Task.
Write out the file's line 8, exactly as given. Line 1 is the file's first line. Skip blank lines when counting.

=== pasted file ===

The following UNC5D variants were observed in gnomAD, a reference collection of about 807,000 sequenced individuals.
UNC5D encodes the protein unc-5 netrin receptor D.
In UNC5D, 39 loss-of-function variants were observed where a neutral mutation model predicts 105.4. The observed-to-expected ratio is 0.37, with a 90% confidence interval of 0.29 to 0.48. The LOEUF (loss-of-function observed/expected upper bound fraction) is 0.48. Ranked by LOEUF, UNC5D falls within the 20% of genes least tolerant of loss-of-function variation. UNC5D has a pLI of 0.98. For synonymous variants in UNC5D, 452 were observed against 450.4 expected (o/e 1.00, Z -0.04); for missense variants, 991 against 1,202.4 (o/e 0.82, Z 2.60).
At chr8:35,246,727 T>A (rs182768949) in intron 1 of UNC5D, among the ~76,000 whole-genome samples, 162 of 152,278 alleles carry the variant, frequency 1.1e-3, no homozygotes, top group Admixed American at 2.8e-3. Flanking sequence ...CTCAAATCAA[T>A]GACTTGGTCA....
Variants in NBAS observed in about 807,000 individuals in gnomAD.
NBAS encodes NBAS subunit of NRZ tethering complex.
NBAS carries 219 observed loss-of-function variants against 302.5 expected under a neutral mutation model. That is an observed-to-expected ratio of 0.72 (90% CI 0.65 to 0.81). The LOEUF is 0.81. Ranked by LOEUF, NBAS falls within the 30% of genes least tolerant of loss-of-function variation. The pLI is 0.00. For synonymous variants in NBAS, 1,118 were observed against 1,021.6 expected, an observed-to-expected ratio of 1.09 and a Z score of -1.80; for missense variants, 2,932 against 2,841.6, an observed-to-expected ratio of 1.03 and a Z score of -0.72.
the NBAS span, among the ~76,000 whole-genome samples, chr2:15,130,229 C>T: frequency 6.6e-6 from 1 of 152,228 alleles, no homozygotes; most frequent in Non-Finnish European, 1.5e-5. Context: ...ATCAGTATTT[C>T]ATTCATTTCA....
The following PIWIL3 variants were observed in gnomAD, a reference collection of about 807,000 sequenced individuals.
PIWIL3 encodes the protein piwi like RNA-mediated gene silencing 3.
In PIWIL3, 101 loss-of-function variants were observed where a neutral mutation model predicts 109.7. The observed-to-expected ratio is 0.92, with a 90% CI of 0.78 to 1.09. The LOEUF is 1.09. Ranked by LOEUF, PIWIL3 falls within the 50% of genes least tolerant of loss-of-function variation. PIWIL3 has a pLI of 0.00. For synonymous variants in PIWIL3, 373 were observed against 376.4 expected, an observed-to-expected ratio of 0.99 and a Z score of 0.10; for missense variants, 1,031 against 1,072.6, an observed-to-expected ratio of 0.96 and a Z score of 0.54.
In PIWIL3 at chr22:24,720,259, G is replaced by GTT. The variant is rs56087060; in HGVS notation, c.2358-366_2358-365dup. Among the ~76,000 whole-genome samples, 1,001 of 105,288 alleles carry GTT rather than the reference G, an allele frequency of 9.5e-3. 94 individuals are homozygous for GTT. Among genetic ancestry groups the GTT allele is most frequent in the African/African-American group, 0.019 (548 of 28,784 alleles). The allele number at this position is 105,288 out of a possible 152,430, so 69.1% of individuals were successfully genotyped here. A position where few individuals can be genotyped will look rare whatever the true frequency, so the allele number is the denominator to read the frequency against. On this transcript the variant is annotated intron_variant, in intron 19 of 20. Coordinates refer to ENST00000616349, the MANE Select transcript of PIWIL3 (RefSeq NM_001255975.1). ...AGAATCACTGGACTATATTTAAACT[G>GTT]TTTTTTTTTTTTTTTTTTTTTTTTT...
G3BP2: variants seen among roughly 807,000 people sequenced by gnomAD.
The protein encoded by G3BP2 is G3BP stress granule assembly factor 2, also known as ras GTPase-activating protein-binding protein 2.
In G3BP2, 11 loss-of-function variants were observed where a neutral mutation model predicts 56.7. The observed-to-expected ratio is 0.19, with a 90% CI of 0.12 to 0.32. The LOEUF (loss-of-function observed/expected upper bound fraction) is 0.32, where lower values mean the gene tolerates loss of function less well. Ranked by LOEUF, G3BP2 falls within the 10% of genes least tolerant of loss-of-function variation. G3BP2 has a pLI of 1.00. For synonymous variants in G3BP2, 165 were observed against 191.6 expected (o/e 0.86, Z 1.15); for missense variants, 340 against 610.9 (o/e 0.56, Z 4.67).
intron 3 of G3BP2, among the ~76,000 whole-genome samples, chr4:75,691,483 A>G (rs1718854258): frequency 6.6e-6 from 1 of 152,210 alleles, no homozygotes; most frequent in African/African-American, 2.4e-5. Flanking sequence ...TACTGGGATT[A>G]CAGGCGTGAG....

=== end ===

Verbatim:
the NBAS span, among the ~76,000 whole-genome samples, chr2:15,130,229 C>T: frequency 6.6e-6 from 1 of 152,228 alleles, no homozygotes; most frequent in Non-Finnish European, 1.5e-5. Context: ...ATCAGTATTT[C>T]ATTCATTTCA....